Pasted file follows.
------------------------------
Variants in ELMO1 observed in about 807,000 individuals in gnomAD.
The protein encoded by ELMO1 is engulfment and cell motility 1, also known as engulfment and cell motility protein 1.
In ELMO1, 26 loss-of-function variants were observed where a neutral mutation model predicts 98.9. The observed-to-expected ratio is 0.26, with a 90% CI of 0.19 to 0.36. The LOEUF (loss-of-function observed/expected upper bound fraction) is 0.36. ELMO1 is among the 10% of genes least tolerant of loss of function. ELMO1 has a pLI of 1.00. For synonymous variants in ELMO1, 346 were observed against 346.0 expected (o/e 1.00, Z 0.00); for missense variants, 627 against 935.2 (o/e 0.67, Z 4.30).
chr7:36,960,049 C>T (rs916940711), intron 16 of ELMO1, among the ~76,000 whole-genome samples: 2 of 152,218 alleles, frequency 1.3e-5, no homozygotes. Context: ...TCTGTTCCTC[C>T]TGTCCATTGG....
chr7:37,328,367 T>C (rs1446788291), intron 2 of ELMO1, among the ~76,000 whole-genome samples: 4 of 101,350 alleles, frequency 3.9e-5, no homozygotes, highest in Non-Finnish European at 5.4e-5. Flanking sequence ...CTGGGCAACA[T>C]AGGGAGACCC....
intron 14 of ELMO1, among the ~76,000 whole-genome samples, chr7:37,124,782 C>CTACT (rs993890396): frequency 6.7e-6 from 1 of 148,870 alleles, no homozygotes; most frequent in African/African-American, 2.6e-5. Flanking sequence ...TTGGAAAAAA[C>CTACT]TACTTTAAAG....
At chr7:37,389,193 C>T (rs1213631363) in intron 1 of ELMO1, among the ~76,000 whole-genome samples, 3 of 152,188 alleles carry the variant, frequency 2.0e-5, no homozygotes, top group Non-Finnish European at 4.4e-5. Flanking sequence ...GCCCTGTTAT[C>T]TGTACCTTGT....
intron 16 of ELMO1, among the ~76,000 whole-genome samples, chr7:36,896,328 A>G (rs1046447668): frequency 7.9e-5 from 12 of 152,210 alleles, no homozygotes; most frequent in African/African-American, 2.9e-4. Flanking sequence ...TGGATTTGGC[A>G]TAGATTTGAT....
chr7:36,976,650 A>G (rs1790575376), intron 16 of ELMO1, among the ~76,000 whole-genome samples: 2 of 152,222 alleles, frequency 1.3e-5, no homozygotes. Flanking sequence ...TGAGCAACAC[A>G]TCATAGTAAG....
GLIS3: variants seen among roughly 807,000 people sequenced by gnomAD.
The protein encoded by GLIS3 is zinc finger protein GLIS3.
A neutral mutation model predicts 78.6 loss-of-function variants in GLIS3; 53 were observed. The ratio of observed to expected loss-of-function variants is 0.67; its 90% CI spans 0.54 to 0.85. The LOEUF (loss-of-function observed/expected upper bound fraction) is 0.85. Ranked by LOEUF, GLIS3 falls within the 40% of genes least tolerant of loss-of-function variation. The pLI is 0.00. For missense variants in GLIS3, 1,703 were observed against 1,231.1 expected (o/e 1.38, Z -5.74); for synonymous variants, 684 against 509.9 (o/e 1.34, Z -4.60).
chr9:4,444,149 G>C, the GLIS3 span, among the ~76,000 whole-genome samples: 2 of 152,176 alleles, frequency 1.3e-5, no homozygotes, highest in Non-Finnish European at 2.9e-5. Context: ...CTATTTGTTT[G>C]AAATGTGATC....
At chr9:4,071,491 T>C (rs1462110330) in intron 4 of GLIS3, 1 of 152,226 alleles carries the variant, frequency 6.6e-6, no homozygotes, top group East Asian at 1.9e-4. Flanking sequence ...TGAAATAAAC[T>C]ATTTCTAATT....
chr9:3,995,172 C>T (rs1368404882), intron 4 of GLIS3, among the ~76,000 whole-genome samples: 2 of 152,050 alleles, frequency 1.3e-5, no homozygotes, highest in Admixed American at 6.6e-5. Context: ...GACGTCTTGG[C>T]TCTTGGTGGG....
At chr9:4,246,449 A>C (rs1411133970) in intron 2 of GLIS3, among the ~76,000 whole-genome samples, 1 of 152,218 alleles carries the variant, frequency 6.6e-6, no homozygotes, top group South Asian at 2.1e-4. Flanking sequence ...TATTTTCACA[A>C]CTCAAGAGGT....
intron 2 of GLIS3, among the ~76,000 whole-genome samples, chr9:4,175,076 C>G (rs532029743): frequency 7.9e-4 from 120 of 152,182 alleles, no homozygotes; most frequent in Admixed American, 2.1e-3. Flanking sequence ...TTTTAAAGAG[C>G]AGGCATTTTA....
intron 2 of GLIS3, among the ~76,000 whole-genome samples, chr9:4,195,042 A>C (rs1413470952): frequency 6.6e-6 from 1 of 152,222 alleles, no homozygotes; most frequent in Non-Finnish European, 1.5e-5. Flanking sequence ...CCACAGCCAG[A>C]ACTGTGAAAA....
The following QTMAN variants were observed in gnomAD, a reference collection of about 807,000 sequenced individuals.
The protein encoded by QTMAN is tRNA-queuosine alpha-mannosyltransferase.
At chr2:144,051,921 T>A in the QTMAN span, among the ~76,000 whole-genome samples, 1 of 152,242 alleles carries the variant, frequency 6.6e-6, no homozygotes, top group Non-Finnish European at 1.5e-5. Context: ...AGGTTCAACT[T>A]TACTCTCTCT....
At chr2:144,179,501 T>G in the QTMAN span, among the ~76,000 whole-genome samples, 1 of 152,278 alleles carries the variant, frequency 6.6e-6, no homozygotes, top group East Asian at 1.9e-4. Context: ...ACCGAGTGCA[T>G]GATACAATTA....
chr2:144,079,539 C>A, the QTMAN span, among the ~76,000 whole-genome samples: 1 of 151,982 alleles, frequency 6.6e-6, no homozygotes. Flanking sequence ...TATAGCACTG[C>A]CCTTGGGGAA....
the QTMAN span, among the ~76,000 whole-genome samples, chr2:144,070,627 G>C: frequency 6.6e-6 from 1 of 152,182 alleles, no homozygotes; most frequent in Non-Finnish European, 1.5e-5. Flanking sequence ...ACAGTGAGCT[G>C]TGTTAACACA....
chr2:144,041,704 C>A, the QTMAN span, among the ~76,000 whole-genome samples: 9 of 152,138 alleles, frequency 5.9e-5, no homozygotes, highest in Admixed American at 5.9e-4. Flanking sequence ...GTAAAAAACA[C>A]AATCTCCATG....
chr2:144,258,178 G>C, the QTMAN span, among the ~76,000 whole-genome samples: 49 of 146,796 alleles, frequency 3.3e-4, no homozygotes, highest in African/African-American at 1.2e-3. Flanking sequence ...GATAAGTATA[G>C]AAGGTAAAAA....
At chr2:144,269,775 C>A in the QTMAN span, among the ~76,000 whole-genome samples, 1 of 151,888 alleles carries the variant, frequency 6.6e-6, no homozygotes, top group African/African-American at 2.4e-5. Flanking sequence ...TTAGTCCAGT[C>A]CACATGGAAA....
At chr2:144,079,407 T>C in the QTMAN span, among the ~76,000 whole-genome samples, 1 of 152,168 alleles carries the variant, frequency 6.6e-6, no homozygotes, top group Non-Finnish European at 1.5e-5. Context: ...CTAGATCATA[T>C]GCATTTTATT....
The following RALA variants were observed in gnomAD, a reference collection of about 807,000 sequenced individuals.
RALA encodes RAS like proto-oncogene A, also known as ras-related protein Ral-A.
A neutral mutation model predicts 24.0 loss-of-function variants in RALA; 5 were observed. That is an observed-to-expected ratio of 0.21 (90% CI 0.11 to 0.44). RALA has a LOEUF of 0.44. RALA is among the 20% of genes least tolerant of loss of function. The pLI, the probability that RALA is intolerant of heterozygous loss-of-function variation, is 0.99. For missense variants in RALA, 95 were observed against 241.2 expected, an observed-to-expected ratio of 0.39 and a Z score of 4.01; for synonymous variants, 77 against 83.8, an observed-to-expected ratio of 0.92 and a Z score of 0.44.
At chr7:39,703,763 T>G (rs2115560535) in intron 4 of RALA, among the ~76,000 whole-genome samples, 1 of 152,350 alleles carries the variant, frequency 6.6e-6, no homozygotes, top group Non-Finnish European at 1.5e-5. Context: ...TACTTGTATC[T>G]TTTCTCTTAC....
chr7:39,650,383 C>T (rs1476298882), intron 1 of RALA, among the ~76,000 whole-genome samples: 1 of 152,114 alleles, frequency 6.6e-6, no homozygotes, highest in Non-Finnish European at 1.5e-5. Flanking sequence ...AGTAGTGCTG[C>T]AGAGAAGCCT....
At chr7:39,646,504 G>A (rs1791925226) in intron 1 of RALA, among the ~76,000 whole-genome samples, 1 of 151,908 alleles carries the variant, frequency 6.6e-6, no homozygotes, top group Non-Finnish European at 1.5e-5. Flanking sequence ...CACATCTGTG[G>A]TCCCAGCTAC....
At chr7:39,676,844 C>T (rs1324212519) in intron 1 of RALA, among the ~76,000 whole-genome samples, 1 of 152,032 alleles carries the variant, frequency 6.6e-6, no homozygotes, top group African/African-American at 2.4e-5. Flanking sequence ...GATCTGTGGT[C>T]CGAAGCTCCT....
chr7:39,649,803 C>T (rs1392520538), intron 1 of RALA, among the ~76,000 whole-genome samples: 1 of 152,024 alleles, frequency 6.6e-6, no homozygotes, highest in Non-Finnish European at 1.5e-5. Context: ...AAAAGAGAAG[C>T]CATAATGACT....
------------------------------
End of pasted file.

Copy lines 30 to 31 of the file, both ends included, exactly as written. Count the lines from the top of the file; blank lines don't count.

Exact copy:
RALA encodes RAS like proto-oncogene A, also known as ras-related protein Ral-A.
A neutral mutation model predicts 24.0 loss-of-function variants in RALA; 5 were observed. That is an observed-to-expected ratio of 0.21 (90% CI 0.11 to 0.44). RALA has a LOEUF of 0.44. RALA is among the 20% of genes least tolerant of loss of function. The pLI, the probability that RALA is intolerant of heterozygous loss-of-function variation, is 0.99. For missense variants in RALA, 95 were observed against 241.2 expected, an observed-to-expected ratio of 0.39 and a Z score of 4.01; for synonymous variants, 77 against 83.8, an observed-to-expected ratio of 0.92 and a Z score of 0.44.